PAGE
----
The Bank Street Business Improvement Area has had a pretty big secret up its sleeve.
On May 7, it was announced that a brand new festival is coming to town, and the BIA, along with event-planning company House of Sas, is behind it. The Bank Street Glow Fair will bring DJs, performers and light installations to Bank Street, home of the Village, for a free two-day fair.
The move answers calls from the community for an event to energize the street and make the Bank Street business district more vibrant. “With Glow Fair, we want to be set apart from everything else going on in the city,” BIA head Christine Leadman says. “We want to make it uniquely Bank Street and touch on music, art and light. It’s an intersection of what Bank Street is all about.”
Running from Friday, June 20 to Saturday, June 21, Glow Fair will close down Bank Street for nine blocks from Laurier to Gilmour. The event will feature three stages, including a main stage at Bank and Slater, a DJ and house music stage, and the League of Rock stage, featuring local garage acts.
Headlining Glow Fair is R&B singer Judith Hill, who rose to fame as a contestant on The Voice and had been slated to perform as Michael Jackson’s duet partner for his ill-fated This Is It tour. Hill also appeared in the Oscar-winning documentary 20 Feet from Stardom, about the backup vocalists behind some of the world’s biggest stars. Her Glow Fair appearance will be her first-ever live solo show and accompanies the release of her debut album.
Glow Fair will also bring Australian DJ and drag queen Kitty Glitter to Ottawa and will feature Montreal DJ and soul singer Sandy Duperval, Grammy Award–winning DJ Hex Hector, Spanish DJ duo Chus & Ceballos, LA singer Jenn Em and Ottawa’s own Souljazz Orchestra, which was nominated for a Juno in 2013.
In addition to musical performances, Glow Fair will also feature neon street displays, building projections and visual art. Bank Street businesses are getting involved with window displays, promotions and pop-up events, and there will be extended licensed patios set up along the street.
The event follows on the heels of the Bank Street BIA’s rebranding project, which has seen it take a much more active and visible role. “We’re not in it to make money,” Leadman says. “It’s about creating an experience and giving something amazing back to the community and shining a spotlight on the great businesses that form Bank Street. It’s also really important for Ottawa’s development plan for 2017 to have 150 new events. It’s our responsibility to offer programming that is diverse.”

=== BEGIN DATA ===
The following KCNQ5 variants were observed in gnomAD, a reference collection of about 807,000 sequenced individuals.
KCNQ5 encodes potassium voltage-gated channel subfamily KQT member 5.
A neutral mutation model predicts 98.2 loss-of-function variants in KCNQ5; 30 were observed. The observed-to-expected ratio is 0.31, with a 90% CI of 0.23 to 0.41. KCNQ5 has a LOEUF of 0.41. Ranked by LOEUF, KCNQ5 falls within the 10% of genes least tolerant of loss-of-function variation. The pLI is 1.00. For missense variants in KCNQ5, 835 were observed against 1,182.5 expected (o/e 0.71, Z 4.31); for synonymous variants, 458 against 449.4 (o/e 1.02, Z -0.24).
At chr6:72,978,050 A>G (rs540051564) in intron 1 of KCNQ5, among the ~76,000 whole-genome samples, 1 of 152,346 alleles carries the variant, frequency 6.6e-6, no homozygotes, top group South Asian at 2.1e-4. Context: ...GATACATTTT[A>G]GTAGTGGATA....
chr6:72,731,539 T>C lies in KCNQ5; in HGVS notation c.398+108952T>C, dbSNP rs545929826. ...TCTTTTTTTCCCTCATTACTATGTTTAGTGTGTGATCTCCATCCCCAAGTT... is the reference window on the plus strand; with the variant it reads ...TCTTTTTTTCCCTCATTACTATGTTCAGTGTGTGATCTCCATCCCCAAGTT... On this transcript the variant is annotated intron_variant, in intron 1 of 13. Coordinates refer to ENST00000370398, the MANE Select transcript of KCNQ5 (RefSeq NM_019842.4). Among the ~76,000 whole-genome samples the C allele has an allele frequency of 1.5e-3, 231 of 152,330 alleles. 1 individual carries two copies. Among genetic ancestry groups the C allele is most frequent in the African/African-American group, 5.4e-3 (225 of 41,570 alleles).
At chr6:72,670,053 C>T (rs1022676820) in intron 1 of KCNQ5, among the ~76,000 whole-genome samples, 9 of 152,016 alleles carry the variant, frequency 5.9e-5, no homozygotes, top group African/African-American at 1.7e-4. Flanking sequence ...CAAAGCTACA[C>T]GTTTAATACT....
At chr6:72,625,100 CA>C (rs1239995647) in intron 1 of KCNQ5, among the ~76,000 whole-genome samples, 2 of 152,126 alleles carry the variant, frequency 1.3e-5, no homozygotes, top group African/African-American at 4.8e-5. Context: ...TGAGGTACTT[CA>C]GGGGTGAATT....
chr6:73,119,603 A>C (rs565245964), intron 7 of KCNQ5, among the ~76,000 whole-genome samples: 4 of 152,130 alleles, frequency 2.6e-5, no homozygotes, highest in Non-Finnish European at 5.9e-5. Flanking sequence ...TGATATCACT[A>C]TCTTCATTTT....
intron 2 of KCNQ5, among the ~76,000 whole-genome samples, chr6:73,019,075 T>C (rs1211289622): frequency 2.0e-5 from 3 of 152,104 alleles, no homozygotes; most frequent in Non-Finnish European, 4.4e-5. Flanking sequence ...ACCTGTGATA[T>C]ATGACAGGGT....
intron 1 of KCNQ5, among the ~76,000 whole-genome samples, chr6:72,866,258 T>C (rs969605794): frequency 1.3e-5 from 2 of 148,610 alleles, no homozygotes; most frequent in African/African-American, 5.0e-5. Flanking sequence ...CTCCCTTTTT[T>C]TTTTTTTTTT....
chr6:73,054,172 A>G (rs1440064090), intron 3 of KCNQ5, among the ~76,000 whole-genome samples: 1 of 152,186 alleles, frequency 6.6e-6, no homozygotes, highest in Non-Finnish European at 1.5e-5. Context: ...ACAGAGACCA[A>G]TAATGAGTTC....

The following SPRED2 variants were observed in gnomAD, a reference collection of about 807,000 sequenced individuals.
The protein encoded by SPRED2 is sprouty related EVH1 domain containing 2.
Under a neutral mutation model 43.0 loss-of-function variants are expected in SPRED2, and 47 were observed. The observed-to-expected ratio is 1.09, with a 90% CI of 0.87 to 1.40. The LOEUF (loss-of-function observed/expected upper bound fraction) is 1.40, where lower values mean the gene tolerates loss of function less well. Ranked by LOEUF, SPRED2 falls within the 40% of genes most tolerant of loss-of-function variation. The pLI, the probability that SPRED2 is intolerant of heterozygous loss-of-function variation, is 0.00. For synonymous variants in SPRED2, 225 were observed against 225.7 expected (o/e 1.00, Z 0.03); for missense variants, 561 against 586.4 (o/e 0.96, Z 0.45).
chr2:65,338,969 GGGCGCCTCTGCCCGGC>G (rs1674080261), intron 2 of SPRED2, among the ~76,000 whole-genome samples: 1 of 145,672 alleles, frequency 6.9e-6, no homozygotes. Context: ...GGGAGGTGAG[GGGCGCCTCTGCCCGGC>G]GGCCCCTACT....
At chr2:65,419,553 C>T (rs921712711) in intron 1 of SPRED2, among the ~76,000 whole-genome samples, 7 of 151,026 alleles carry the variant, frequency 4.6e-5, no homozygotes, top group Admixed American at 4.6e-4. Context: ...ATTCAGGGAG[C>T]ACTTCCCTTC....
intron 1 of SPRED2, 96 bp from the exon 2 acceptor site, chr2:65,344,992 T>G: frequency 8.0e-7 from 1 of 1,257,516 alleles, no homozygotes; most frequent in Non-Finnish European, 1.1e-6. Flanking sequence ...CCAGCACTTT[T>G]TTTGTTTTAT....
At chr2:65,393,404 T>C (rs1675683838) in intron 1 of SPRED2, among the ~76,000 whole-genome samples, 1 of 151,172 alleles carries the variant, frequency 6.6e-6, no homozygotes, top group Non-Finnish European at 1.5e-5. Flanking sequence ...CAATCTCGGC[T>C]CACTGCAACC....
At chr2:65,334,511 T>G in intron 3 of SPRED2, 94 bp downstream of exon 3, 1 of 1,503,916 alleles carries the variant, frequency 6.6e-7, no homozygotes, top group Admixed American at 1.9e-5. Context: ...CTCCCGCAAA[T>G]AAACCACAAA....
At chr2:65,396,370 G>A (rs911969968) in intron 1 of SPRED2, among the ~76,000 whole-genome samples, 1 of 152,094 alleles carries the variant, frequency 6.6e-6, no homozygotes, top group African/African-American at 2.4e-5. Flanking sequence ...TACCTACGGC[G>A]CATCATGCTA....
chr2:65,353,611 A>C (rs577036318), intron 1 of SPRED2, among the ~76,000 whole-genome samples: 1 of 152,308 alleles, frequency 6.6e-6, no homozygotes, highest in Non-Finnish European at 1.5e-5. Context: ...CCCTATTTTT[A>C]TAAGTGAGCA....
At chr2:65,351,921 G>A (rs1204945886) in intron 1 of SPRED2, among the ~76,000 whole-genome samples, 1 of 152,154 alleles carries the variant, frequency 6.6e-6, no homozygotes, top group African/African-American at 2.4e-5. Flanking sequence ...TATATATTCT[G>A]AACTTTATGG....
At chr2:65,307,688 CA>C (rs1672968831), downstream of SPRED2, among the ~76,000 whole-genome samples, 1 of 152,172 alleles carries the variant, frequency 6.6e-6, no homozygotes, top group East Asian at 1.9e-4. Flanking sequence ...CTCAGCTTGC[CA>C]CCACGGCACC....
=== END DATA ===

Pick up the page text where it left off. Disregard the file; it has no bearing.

To make Glow Fair a reality, the BIA formed a partnership with House of Sas — the event-planning company headed by former Capital Pride chair Sebastien Provost. “When I was approached by Bank Street, it was the first time a client of mine told me that they didn’t want anything safe or they didn’t want anything boring,” he said at the event launch on May 7.
Provost stepped down from the Pride committee in January 2013 when it became clear there was a conflict of interest between his involvement with Pride and his position with the company. For the past five months, he has been planning and conceptualizing Glow Fair.
“It was just really important to create momentum and to get people excited and really come out at the right time,” he says. Provost planned Glow Fair to capitalize on the Village but to be a fully integrated event for both gay and straight audiences. “For me, the most amazing thing about this project is that it’s free.”
Funding for Glow Fair will come from the Bank Street BIA, with additional sponsorship from Kronenbourg Brewery, which will fund the main stage. “What a difference it makes when you’re trying to be creative, because I no longer have to worry about revenue,” Provost says. The BIA provided a significant amount of funding through its marketing budget, and Kronenbourg also provided cash sponsorship to the event.
Capital Pride hosted a street party in 2004 that left the organization in significant debt; organizers are looking to keep Glow Fair’s costs covered, particularly given that it’s a free event. “I know how to increase those revenue streams,” Provost says, pointing to things like alcohol sales and strong partnerships with sponsors. The event could be eligible for funding once it reaches its second year, and organizers hope that the performance lineup will be a significant draw for tourists.
“What’s so exciting is that these are really emerging stars,” Leadman says. “We’re here to support all our diversity and all our elements in our community, and I think this is a festival that does that.”